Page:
Read an Excerpt

Excerpted from The Meaning of Wife by Anne Kingston. Copyright © 2004 by Anne Kingston. Published in March 2005 by Farrar, Straus and Giroux, LLC. All rights reserved.

Chapter 1

The Wife Gap

Wife. Four letters. One syllable. Simple, or so it seems. Yet this common word has become one of the most complex signifiers in the English language, weighted by past definitions, blurred by personal biases. The associations it elicits are bipolar in their scope: by the beginning of the twenty-first century, wife was variously presented as the source of female damnation or salvation, enchantment or disenchantment, captivity or rescue. Take your pick. Evidence can be marshaled to support either case. The truth exists in neither.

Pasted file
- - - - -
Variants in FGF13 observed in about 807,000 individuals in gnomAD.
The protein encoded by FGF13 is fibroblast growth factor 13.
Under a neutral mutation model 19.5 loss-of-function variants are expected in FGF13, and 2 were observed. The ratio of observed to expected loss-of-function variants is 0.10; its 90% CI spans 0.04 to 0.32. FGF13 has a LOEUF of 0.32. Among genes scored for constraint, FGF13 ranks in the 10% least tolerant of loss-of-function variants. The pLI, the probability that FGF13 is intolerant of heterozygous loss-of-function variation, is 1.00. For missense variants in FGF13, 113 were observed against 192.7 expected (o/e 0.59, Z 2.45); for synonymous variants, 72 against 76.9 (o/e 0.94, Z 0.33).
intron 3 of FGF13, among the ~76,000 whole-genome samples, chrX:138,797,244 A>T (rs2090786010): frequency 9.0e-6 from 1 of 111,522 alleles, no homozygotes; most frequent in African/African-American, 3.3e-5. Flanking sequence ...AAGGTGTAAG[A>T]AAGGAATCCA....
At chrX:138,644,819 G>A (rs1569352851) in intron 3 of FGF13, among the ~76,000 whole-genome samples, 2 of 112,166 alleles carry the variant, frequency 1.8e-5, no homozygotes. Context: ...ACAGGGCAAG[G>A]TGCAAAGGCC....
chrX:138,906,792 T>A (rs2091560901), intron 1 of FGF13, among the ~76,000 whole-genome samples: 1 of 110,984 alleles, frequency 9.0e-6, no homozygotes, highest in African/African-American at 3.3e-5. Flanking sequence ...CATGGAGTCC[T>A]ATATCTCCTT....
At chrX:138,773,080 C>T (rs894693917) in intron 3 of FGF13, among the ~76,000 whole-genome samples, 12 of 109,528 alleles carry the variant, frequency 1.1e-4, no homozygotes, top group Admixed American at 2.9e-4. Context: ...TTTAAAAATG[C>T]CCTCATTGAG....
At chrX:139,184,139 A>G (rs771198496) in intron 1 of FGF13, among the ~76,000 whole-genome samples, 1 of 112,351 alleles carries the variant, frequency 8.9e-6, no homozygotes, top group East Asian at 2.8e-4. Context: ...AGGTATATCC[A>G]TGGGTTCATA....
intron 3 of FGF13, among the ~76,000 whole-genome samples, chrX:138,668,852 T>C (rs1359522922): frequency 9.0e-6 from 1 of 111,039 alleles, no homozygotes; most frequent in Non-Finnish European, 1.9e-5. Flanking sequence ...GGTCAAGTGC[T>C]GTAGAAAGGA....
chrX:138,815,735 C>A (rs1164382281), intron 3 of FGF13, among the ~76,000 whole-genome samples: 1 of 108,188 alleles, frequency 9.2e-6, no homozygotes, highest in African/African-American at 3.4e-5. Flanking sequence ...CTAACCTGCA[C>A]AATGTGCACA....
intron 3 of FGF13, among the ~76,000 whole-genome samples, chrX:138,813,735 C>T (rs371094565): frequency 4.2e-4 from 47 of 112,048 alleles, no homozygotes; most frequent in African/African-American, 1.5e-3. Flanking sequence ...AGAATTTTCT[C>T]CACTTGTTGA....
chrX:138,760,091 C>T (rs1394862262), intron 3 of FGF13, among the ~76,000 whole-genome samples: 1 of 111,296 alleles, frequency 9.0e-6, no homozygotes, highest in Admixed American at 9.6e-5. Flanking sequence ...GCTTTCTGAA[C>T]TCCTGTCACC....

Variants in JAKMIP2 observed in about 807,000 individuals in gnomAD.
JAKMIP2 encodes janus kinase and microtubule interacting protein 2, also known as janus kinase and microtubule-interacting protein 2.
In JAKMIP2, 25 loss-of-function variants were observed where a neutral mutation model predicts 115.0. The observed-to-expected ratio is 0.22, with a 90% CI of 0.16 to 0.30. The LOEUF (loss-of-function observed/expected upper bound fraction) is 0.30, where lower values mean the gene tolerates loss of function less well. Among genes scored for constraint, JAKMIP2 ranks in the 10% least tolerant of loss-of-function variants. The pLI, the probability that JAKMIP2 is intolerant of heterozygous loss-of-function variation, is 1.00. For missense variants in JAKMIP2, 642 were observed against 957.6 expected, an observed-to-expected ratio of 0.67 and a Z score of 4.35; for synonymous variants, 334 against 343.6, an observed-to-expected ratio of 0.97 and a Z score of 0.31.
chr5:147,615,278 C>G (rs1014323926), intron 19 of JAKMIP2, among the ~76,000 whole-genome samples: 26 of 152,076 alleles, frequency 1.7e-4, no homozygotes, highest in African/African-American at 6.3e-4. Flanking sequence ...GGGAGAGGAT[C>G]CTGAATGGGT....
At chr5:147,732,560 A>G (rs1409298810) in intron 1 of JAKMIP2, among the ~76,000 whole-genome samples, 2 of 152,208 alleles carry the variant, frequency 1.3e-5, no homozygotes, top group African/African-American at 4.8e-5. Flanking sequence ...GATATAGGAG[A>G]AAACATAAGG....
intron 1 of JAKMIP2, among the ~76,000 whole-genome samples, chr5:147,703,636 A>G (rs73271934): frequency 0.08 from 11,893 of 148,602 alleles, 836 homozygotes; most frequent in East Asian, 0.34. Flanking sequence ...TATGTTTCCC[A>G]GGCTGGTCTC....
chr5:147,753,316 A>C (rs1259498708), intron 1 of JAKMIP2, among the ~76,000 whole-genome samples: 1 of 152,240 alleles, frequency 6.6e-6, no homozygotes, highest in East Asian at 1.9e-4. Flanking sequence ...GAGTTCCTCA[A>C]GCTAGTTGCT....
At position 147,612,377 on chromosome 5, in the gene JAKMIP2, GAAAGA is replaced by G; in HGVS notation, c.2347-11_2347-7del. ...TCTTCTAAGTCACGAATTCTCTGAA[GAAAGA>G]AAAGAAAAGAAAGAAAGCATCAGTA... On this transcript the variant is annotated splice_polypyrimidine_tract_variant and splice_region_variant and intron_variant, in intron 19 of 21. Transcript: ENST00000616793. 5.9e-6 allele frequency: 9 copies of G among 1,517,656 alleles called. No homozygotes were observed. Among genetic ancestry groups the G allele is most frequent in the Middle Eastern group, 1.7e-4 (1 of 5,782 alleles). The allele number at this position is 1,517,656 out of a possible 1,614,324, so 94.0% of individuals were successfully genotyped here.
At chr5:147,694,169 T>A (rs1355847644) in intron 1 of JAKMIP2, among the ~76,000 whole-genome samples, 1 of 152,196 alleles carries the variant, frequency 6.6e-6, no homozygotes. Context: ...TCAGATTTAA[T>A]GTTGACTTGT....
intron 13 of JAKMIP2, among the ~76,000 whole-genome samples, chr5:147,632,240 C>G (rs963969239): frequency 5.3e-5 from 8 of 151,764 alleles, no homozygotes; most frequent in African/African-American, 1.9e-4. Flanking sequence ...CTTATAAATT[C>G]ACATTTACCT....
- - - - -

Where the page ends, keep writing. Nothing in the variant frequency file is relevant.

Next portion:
At one extreme, the role of wife is perceived as a straitjacket, one an increasing number of women refuse to don, as reflected in a marriage rate that has been declining, with the occasional uptick, in North America for the past one hundred years. By 2004, unmarried women were the fastest-growing demographic. A thirty-year-old woman was three times more likely to be single than she was in the 1970s; the more money a woman earned, the more likely she was to delay or even forgo matrimony. A much-reported 1999 study from the National Marriage Project at Rutgers University found that high school girls were more accepting of cohabitation and children born out of wedlock than they had been in two decades. While they expressed a desire to marry, they voiced declining confidence that their marriages could last a lifetime. This was not unrealistic. The nuclear family--husband, wife, 2.5 kids--had detonated, comprisingonly one-quarter of family formations in North America. Increasingly, women were giving birth to or adopting children without husbands or permanent partners. Single women professionals in their late thirties or forties came to represent 30 percent of people adopting Chinese babies nationwide in the United States, according to New Jersey-based Chinese Children Adoption International. Mainstream publications appeared to cheer them on. "Who Needs a Husband?" proclaimed a Time cover story in August 2000.